A bipolar junction transistor (BJT) has three regions, of which the emitter and the collector are made of the same type of semiconductor (‘n’ for npn and ‘p’ for pnp) but the base is of opposite type. If we consider the base and emitter terminals (or the base and collector terminals), we get a p-n junction diode. But if we hold collector and emitter terminals, we encounter two diodes connected back-to-back.
On forward biasing the p-n junction (with a battery and a current-limiting resistor), the diode starts conducting and the drop of voltage across it is very small (0.7 volt for Si). On reverse biasing, the diode stops conducting and the drop of voltage across it is very close to the supply voltage. But, practically no current will flow through the collector and emitter terminals when we make the collector positive with respect to the emitter or vice versa.
This is the basis of the first part of our experiment that helps determine the type of a given transistor (whether npn or pnp) as also its base. But we cannot distinguish between the collector and the emitter in this way. To do so, we have to understand another basic principle.
BJTs have an intrinsic property of current amplification. While operating in the active region, a small current injected into the base can produce a large current flowing between the collector and emitter. The ratio of the collector current to the base current is known as forward current gain βF.
Although the collector and the emitter are made of the same type of semiconductor, we cannot expect a large current gain if we treat the collector as the emitter and the emitter as the collector.
If we forward bias the collector-base junction and reverse bias the base-emitter junction, we call it the inverse mode of operation. Because of the structural difference and doping levels, inverse current gain βI is exceedingly small. Thus while βF can be of the order of hundreds, βI is of the order of a few units only. This principle will be utilised in the second part of our experiment to distinguish between the collector and the emitter leads.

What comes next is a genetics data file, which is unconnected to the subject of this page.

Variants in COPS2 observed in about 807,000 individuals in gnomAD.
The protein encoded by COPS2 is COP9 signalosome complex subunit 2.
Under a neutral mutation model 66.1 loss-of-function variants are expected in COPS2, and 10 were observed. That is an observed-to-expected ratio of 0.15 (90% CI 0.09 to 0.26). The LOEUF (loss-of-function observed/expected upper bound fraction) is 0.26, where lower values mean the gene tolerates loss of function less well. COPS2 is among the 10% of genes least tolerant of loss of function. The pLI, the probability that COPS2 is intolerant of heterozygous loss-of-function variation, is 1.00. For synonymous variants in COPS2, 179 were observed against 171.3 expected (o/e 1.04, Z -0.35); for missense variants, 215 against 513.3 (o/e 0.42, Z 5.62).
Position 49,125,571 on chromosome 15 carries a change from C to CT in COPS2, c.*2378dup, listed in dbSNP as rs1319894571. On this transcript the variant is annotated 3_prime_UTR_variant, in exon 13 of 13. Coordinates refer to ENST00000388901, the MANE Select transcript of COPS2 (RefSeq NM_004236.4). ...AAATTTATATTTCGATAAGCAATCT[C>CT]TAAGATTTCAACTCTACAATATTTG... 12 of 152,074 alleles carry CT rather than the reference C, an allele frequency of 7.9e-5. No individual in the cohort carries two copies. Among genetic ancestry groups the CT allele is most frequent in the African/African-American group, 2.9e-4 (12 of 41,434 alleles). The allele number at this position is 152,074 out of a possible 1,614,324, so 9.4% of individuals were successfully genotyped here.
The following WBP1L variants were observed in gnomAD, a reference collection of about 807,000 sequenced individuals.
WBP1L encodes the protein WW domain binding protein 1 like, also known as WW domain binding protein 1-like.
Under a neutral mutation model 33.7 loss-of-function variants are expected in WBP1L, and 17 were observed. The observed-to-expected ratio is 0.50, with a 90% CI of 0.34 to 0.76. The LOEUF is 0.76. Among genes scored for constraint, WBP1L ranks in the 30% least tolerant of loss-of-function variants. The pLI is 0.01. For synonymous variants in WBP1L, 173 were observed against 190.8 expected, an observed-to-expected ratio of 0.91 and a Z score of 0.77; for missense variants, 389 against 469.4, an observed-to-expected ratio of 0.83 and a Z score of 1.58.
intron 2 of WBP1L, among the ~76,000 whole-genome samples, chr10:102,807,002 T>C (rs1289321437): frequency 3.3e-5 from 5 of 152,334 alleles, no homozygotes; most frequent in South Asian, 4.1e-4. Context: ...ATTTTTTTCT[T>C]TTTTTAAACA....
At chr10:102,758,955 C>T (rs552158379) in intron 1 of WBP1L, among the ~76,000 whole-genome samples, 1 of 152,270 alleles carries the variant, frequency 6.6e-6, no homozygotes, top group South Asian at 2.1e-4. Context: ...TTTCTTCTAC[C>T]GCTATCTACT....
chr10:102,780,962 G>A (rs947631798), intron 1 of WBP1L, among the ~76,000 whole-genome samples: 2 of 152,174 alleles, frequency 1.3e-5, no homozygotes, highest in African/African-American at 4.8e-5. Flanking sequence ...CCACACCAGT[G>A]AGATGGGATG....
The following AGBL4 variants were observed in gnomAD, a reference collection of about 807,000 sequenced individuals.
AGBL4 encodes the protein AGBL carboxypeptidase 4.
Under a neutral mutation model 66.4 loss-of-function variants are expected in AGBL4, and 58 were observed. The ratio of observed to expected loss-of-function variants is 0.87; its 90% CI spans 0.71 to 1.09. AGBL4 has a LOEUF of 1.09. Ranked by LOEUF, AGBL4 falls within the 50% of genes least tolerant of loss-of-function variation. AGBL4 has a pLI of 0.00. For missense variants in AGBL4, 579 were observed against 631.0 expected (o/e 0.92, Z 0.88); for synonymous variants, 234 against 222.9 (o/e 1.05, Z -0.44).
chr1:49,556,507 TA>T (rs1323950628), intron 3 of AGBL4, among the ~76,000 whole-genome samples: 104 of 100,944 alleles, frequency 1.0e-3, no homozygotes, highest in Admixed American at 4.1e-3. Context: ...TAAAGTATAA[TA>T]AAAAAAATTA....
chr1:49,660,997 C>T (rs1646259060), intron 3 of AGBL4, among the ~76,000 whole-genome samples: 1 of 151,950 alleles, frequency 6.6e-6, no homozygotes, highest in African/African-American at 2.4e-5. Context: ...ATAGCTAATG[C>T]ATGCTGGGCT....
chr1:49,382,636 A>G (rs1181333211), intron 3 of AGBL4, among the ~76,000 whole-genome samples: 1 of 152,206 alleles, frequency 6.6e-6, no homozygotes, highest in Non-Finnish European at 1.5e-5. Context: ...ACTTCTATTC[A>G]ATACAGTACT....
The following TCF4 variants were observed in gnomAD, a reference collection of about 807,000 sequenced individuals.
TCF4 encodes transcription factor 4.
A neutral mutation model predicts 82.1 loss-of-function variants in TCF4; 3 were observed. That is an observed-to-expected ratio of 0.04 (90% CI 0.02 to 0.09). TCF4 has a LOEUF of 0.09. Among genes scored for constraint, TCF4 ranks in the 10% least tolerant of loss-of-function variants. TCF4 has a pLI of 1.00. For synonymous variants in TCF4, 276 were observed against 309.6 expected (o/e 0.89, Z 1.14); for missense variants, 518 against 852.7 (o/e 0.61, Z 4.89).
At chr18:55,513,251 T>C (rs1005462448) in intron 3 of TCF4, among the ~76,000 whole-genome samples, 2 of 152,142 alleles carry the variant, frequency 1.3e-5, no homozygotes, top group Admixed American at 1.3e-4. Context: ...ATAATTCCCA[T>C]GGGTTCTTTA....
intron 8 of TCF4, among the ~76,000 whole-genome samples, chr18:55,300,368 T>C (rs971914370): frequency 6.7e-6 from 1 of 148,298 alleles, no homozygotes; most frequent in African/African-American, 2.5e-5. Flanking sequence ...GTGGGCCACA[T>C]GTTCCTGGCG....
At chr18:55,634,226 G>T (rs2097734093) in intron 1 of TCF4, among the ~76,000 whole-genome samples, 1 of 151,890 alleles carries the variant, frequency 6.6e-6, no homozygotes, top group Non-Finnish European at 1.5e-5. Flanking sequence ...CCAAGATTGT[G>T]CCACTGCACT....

At the heart of the circuit (shown in Fig. 1) is a comparator built around operational amplifier IC 741 (IC1). With the help of a divider network comprising R3 and R4 between the positive supply terminal and ground, the inverting terminal is kept at reference voltage Vref=VssR4/(R3+R4) or –VssR4/(R3+R4) depending upon the selection of contact +Vss (marked ‘npn’) or –Vss (marked ‘npn’) by SPDT switch S1. The voltage at the non-inverting terminal is taken from the bottom end of resistor R2 (1-kilo-ohm) marked V+.
If V+>Vref, the comparator output will be high (positive saturation state ≈ +Vss) and the red LED will glow. On the other hand, if V+<Vref,the comparator output will be low(negative saturation state ≈ –Vss) andthe green LED will glow. The transi-tion from one state to the other is verymuch abrupt and under no circum-stances can both LEDs be ‘on’ or ‘off.’
The first part of the experiment for determination of the transistor type may be carried out as follows:
1. Label the terminals of the transistor under test (TUT) as 1, 2 and 3 arbitrarily.
2. Keeping aside socket C, use only sockets A and B in this part of the experiment.
3. Select the contact marked ‘n-p-n.’ This makes the voltage at socket A positive with respect to socket B (GND).
4. Take any pair of terminals of the transistor and insert one terminal in socket A and the other in socket B. Observe which LED turns on and which remains ‘off’ and record it.
5. Next, interchange the terminals in the two sockets and again observe the status of the LEDs and record it.
6. Repeat steps 4 and 5 for the remaining two pairs and record all the six observations in the form of a table.
From Table I, first find out the pair of terminals for which only the red LED glows even when the terminals are interchanged. These are the collector and emitter terminals. You cannot, however, detect which one of these would be the collector or the emitter from this part of experiment.
Once you have separated the collector and the emitter leads, the remaining lead will obviously be the base of the transistor.
Right up to this point, we do not know whether the transistor is npn- or pnp-type, because the assertion made above will remain valid for the collector and the emitter both being either ‘n’ type or ‘p’ type. The only thing we know is that the base will be of opposite-type semiconductor.
Since we know the polarity of ‘A’ (positive w.r.t. ‘B’), we search from Table I which LED was glowing when the base was put in socket A and any one of the other two leads in socket B.
If the green LED was glowing the base is p-type and the transistor is npn-type, but if the red LED was glowing the base is n-type and the transistor is pnp-type.